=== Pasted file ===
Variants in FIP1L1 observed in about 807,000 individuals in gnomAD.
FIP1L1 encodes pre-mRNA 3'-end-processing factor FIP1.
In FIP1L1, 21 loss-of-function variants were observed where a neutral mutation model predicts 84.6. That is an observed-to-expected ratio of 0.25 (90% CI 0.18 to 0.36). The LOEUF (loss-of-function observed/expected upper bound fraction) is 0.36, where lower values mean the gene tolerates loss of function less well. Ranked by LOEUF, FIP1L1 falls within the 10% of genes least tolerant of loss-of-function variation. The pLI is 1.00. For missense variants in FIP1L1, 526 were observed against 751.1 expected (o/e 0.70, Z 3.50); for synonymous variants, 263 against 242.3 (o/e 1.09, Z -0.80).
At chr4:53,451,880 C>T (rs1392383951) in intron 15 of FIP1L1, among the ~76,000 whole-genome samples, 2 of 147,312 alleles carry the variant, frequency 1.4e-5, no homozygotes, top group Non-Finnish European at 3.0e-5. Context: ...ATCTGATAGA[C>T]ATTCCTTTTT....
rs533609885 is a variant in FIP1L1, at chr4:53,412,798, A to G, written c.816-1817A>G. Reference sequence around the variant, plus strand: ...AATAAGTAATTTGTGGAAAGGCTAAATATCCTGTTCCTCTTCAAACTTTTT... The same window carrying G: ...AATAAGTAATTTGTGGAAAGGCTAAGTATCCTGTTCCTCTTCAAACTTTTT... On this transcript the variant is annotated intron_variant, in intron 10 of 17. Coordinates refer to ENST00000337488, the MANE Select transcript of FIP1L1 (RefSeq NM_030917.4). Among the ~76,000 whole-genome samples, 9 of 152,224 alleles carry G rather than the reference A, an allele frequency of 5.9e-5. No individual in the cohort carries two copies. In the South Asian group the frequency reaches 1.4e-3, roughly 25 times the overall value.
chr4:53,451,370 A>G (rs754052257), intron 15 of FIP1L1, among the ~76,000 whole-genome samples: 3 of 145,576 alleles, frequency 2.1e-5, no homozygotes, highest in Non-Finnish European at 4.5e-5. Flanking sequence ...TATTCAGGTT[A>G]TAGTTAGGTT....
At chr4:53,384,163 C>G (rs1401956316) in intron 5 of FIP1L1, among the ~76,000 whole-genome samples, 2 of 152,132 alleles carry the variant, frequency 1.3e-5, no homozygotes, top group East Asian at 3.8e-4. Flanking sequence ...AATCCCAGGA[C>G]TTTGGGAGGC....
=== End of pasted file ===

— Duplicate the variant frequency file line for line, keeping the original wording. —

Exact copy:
Variants in FIP1L1 observed in about 807,000 individuals in gnomAD.
FIP1L1 encodes pre-mRNA 3'-end-processing factor FIP1.
In FIP1L1, 21 loss-of-function variants were observed where a neutral mutation model predicts 84.6. That is an observed-to-expected ratio of 0.25 (90% CI 0.18 to 0.36). The LOEUF (loss-of-function observed/expected upper bound fraction) is 0.36, where lower values mean the gene tolerates loss of function less well. Ranked by LOEUF, FIP1L1 falls within the 10% of genes least tolerant of loss-of-function variation. The pLI is 1.00. For missense variants in FIP1L1, 526 were observed against 751.1 expected (o/e 0.70, Z 3.50); for synonymous variants, 263 against 242.3 (o/e 1.09, Z -0.80).
At chr4:53,451,880 C>T (rs1392383951) in intron 15 of FIP1L1, among the ~76,000 whole-genome samples, 2 of 147,312 alleles carry the variant, frequency 1.4e-5, no homozygotes, top group Non-Finnish European at 3.0e-5. Context: ...ATCTGATAGA[C>T]ATTCCTTTTT....
rs533609885 is a variant in FIP1L1, at chr4:53,412,798, A to G, written c.816-1817A>G. Reference sequence around the variant, plus strand: ...AATAAGTAATTTGTGGAAAGGCTAAATATCCTGTTCCTCTTCAAACTTTTT... The same window carrying G: ...AATAAGTAATTTGTGGAAAGGCTAAGTATCCTGTTCCTCTTCAAACTTTTT... On this transcript the variant is annotated intron_variant, in intron 10 of 17. Coordinates refer to ENST00000337488, the MANE Select transcript of FIP1L1 (RefSeq NM_030917.4). Among the ~76,000 whole-genome samples, 9 of 152,224 alleles carry G rather than the reference A, an allele frequency of 5.9e-5. No individual in the cohort carries two copies. In the South Asian group the frequency reaches 1.4e-3, roughly 25 times the overall value.
chr4:53,451,370 A>G (rs754052257), intron 15 of FIP1L1, among the ~76,000 whole-genome samples: 3 of 145,576 alleles, frequency 2.1e-5, no homozygotes, highest in Non-Finnish European at 4.5e-5. Flanking sequence ...TATTCAGGTT[A>G]TAGTTAGGTT....
At chr4:53,384,163 C>G (rs1401956316) in intron 5 of FIP1L1, among the ~76,000 whole-genome samples, 2 of 152,132 alleles carry the variant, frequency 1.3e-5, no homozygotes, top group East Asian at 3.8e-4. Flanking sequence ...AATCCCAGGA[C>G]TTTGGGAGGC....